Compressed Sensing, Sparse Inversion, and Model Mismatch

  • Ali PezeshkiEmail author
  • Yuejie Chi
  • Louis L. Scharf
  • Edwin K. P. Chong
Part of the Applied and Numerical Harmonic Analysis book series (ANHA)


The advent of compressed sensing theory has revolutionized our view of imaging, as it demonstrates that subsampling has manageable consequences for image inversion, provided that the image is sparse in an apriori known dictionary. For imaging problems in spectrum analysis (estimating complex exponential modes), and passive and active radar/sonar (estimating Doppler and angle of arrival), this dictionary is usually taken to be a DFT basis (or frame) constructed for resolution of 2πn, with n a window length, array length, or pulse-to-pulse processing length. However, in reality no physical field is sparse in a DFT frame or in any apriori known frame. No matter how finely we grid the parameter space (e.g., frequency, delay, Doppler, and/or wavenumber) the sources may not lie in the center of the grid cells and consequently there is always mismatch between the assumed and the actual frames for sparsity. But what is the sensitivity of compressed sensing to mismatch between the physical model that generated the data and the mathematical model that is assumed in the sparse inversion algorithm? In this chapter, we study this question. The focus is on the canonical problem of DFT inversion for modal analysis.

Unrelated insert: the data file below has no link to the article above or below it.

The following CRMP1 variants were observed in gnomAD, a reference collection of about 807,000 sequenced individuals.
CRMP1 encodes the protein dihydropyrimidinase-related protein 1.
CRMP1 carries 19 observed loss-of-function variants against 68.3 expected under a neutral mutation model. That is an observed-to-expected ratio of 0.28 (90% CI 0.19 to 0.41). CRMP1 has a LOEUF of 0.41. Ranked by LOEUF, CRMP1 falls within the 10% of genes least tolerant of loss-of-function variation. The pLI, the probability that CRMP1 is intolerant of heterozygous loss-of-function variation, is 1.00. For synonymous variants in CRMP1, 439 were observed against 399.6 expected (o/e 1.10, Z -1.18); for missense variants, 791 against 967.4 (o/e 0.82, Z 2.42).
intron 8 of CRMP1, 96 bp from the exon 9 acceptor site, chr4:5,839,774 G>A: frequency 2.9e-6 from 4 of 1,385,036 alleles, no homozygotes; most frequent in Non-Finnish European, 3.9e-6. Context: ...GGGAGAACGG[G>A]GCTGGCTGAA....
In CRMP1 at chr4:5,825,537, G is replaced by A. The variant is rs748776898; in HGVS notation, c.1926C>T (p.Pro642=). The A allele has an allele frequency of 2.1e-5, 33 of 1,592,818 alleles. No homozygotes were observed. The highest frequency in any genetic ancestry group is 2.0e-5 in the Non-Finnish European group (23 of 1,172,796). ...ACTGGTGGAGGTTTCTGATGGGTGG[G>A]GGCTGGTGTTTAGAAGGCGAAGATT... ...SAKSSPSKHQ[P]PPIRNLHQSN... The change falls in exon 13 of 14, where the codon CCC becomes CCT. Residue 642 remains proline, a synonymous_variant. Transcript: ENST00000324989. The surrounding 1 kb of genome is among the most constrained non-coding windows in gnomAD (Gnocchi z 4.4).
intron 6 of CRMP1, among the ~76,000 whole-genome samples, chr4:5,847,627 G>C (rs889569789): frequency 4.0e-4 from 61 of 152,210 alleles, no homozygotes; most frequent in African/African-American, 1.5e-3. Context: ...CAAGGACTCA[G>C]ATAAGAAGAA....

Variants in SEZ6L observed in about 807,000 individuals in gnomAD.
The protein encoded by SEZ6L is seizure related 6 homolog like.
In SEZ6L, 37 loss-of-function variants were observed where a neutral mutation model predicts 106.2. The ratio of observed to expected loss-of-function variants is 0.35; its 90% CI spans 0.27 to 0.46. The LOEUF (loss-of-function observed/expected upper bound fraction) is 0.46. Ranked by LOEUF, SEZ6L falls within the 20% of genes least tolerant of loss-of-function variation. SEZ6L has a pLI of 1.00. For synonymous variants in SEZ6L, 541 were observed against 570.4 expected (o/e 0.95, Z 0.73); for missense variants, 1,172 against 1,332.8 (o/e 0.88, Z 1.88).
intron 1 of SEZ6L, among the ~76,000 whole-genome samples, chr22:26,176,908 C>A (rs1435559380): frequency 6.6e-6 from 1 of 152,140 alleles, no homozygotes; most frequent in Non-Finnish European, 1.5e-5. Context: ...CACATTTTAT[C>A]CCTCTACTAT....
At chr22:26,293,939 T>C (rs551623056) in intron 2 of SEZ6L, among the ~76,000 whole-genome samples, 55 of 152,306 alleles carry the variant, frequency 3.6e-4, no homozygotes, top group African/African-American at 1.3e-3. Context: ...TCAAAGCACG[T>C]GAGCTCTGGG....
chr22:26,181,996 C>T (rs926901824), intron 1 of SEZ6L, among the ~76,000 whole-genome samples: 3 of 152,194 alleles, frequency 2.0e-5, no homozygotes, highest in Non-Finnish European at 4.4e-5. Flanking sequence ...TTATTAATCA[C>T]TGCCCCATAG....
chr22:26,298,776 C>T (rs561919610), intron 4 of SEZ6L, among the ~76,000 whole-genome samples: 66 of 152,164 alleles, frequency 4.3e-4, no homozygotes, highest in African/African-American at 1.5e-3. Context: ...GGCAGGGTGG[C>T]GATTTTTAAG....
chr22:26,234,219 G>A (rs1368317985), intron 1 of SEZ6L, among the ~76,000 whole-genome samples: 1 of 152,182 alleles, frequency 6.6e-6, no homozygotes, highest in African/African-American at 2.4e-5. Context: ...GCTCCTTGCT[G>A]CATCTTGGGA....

Compress Sensing Linear Prediction Orthogonal Match Pursuit Basis Pursuit Basis Mismatch 
These keywords were added by machine and not by the authors. This process is experimental and the keywords may be updated as the learning algorithm improves.


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Copyright information

© Springer International Publishing Switzerland 2015

Authors and Affiliations

  • Ali Pezeshki
    • 1
    Email author
  • Yuejie Chi
    • 2
  • Louis L. Scharf
    • 3
  • Edwin K. P. Chong
    • 1
  1. 1.Department of Electrical and Computer Engineering, and Department of MathematicsColorado State UniversityFort CollinsUSA
  2. 2.Department of Electrical and Computer Engineering, and Department of Biomedical InformaticsThe Ohio State UniversityColumbusUSA
  3. 3.Department of MathematicsColorado State UniversityFort CollinsUSA

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